For Thanksgiving, Michael Arrington posted an article on TechCrunch entitled “What If Steve Jobs Hadn’t Returned To Apple In 1997?“.
The gist of the article is that Steve Jobs himself is responsible for every ounce of good stuff that Apple has ever done.
“Today is Thanksgiving in the U.S. Traditionally we take stock of the things that we’re thankful for on this day each year. And I realized that one of those things is Steve Jobs.”
And it is complete, and utter, rubbish.
Well. Almost complete rubbish.
One thing this article does get right is the history of Apple’s acquisition of NeXT (Steve Jobs old company). At the time, Apple Computer (it used to be called that before Apple decided they didn’t want to be associated with “Computers” anymore and just became “Apple”) was attempting to purchase Be, inc. with the intention of using BeOS as the basis of the new MacOS (which would have, in all reality, made a much better technological and ideological fit for Apple).
At the end of 1996, as negotiations between Apple (headed by Gil Amelio) and Be (headed by Jean-Louis Gassée, the former head of Apple France) broke down, Apple changed its mind at the last minute and purchased NeXT. The result is that Nextstep became the basis for MacOS X.
And, time marching ever forward, Be inc. got purchased by Palm. And the BeOS faded away. (Though an open source implementation of BeOS called Haiku has been recently released in alpha form.)
That part of the history… the TechCruch article got right. Then it jumped off the tracks.
“In 1997 Apple had a snoozy product line that included the ill-fated Newton, the Performa, the Power Macintosh, the PowerBook a bunch of printers and a few servers.”
Are you freaking kidding me? Was Michael Arrington even alive in the mid-90’s?
The Newton was, for those who can remember back that far, revolutionary. It was a huge deal. The company had some serious problems with it (marketing being one of the big ones), but the devices (and the Newton OS that powered them) were many years ahead of their time. Case in point: it still holds up strangely well against a current iPhone (Newton’s had multi-tasking, etc. way back in the old days). And, of course, there was the eMate 300 (which was a Newton-powered laptop that featured a rechargeable battery that, I kid you not, lasted through 28 hours of continuous usage).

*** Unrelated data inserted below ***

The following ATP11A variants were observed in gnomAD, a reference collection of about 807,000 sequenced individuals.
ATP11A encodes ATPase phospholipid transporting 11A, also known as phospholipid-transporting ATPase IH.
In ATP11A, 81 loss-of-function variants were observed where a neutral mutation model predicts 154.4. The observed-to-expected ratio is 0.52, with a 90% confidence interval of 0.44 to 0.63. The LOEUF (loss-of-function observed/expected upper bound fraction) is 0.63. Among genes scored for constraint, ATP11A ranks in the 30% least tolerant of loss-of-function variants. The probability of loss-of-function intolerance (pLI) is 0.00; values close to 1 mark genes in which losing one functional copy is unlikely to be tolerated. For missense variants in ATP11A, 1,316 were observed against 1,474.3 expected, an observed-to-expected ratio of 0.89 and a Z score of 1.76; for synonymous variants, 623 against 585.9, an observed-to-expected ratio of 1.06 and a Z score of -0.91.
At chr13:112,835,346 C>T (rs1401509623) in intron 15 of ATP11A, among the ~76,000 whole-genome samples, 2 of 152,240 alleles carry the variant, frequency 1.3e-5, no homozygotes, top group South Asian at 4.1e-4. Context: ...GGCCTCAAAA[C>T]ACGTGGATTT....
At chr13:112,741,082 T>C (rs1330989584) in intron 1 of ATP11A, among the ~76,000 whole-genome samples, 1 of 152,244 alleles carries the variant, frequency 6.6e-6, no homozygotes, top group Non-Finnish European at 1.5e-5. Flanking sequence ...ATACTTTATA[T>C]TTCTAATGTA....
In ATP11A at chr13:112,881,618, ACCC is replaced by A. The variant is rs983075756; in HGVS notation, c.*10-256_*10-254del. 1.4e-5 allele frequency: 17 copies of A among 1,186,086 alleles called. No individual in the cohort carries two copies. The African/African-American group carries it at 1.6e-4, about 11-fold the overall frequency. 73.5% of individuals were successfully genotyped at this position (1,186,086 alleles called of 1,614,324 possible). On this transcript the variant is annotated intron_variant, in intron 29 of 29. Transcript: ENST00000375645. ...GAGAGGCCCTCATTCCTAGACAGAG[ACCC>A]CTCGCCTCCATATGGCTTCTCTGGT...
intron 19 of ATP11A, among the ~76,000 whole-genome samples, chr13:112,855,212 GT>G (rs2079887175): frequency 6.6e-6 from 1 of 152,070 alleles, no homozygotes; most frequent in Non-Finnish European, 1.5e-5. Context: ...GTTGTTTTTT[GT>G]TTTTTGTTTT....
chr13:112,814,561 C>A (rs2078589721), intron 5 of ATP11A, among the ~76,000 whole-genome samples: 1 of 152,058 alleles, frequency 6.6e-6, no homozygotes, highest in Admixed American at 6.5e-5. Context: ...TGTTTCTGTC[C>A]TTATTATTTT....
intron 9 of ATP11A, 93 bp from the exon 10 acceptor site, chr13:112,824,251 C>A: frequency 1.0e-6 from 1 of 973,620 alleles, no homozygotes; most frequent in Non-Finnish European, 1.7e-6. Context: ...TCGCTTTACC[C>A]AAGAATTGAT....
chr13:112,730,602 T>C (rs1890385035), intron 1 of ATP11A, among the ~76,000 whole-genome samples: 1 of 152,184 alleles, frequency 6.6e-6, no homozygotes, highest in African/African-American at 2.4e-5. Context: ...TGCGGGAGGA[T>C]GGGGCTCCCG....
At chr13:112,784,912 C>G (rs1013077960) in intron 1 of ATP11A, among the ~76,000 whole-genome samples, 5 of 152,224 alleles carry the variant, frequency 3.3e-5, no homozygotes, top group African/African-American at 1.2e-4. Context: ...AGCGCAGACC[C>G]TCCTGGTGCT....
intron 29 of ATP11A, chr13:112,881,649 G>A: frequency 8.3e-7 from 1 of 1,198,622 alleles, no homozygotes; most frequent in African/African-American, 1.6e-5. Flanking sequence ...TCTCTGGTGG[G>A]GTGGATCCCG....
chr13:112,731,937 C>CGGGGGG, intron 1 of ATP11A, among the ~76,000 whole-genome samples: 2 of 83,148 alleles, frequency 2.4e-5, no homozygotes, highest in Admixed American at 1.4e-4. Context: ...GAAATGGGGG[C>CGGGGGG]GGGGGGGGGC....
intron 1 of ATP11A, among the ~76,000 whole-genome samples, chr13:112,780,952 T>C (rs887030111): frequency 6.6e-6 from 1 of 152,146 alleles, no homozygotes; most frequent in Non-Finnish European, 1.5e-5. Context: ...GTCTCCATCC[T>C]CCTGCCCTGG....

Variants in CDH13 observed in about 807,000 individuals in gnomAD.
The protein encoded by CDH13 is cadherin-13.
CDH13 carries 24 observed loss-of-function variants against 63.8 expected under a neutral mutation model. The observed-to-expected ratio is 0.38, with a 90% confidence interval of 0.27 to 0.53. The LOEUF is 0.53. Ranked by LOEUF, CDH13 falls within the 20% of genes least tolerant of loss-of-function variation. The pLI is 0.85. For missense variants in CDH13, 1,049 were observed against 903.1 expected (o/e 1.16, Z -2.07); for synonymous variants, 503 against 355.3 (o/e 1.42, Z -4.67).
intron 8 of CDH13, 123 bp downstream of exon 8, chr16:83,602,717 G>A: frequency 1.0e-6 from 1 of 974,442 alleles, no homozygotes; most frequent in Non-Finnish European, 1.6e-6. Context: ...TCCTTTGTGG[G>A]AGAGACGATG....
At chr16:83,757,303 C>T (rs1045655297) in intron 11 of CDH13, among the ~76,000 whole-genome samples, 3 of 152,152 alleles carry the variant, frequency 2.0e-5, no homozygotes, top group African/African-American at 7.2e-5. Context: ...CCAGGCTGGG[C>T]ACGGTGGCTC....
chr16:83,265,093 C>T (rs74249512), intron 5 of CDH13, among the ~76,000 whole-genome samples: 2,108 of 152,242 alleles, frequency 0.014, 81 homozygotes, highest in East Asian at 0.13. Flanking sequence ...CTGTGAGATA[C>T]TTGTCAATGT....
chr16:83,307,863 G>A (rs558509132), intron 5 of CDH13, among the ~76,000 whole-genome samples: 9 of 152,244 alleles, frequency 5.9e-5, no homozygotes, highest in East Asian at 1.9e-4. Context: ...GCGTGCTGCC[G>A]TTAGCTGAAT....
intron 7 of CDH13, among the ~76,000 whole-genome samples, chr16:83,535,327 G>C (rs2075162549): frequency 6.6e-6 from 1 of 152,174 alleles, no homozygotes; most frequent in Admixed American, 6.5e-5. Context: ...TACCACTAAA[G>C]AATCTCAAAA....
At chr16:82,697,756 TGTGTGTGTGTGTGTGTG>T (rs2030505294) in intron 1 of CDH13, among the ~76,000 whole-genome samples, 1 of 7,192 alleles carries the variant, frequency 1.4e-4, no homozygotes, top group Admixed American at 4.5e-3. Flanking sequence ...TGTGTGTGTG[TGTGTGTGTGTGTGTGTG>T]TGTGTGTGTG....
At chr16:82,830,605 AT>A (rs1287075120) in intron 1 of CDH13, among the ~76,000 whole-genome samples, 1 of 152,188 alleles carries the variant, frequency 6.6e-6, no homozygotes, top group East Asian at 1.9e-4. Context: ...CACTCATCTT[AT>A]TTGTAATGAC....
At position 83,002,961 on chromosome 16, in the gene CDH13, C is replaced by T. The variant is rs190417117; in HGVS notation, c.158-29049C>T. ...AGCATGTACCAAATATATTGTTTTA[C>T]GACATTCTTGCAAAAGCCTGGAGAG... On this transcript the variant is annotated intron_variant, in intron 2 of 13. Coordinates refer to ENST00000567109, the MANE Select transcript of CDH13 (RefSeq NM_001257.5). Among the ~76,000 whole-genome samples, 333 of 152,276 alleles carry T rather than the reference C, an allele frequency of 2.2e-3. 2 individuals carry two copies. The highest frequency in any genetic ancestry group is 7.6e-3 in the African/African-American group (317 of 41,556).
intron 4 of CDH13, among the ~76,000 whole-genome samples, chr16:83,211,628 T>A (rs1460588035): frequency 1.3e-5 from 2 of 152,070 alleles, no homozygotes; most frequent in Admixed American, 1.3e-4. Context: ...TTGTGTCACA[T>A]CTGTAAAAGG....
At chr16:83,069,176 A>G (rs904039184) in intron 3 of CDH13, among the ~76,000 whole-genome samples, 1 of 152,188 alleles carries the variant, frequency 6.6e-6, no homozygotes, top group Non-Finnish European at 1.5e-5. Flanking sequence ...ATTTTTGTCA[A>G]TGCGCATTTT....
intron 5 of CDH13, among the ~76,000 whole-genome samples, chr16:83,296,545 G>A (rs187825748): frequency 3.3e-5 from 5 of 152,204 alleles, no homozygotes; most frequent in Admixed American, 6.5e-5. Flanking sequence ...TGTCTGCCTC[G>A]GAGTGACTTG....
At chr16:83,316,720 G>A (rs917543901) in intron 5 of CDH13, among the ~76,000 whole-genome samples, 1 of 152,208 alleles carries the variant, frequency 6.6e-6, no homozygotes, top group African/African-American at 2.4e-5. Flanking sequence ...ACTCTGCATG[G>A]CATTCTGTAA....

Mike’s list also leaves off the “20th Anniversary Mac“. Which was pretty stinking rad (and released the first week of 1997).
Problematic? Sure. But far, far, from “snoozy”. In fact, I’d go so far as to call these items “extremely impressive and way ahead of their time”.
“Fast Forward to today. Apple has the sexiest products in the business: iMacs, Macbooks, iPhones, iPods and more. Even the Mac Mini has a place in my home, powering my television.”
The iMac is the the PowerMac G3 All-In-One with a new case. A great machine. That, of course, being the machine that really got Apple back on track in the late 90’s. But the groundwork was laid by Jobs’ predecessor.
“They’ve accelerated the pace of change in the music, film and television industries as well with the iPod and iTunes. And they’ve redefined the mobile phone with the iPhone.”
Okay. “redefined the mobile phone with the iPhone”… kinda sounding like an over-the-top fanboy there, Mike.
“If Gassée, or anyone else, had become the CEO of Apple back in 1997, how many of these products would exist today?”
“How likely would the iPhone have been? And next year we’ll see an Apple Tablet computer. Does anyone think anyone but Steve Jobs would have pushed that product to market?”
Here’s the bit that really makes me doubt that Mike even has a slight clue about what was happening in the industry back in the mid to late 90’s.
When Steve Jobs returned to Apple, one of hist first acts as the i-CEO was to kill the Newton.
That’s right. The thing closest to a tablet. The thing closest to a phone and closest to an MP3 player. He killed it off.
Why, you ask? Well, it wasn’t a financial decision. The State of Texas was set to buy millions of eMates to replace text books for students. And the entire country of Australia was looking to replace their aging computer systems with eMates.
So the devices were way ahead of their time. And they were selling.
And, to date, Apple has not released a Tablet computer.
But, you know who has?
Be. inc. under the leadership of Gassée. They released a version of the BeOS called BeIA (Internet Appliance) and worked with Sony and Compaq to release tablets based on it. But, unfortunately, these were a few years too early (and too pricey).
You know who else? Apple Computer under the leadership of John Sculley, Michael Spindler and Gil Amelio (In the form of the Newton line of touch screen devices).
That’s right. Mike’s whole point seems to be that nobody but Steve Jobs would ever be awesome enough to release cool products like “Tablets” or “touch screen pda-like devices”. And that Jobs, himself, is responsible for the iMacs, etc.
And all of that is just plain wrong. Crazy, crazy wrong.
Steve Jobs is responsible for killing off many of the innovative (and successful) products and projects that Apple had going at the time. I think it’s a fair guess that, had Steve Jobs not returned to Apple, that Apple’s product line would be far more impressive by this point than it is (though, perhaps, with less glossy white plastic).
Steve Jobs has done plenty of good stuff. Feel free to write lots and lots of glowing articles about those things.
But please. I implore you. Do not re-write history just because you think Steve Jobs is pretty.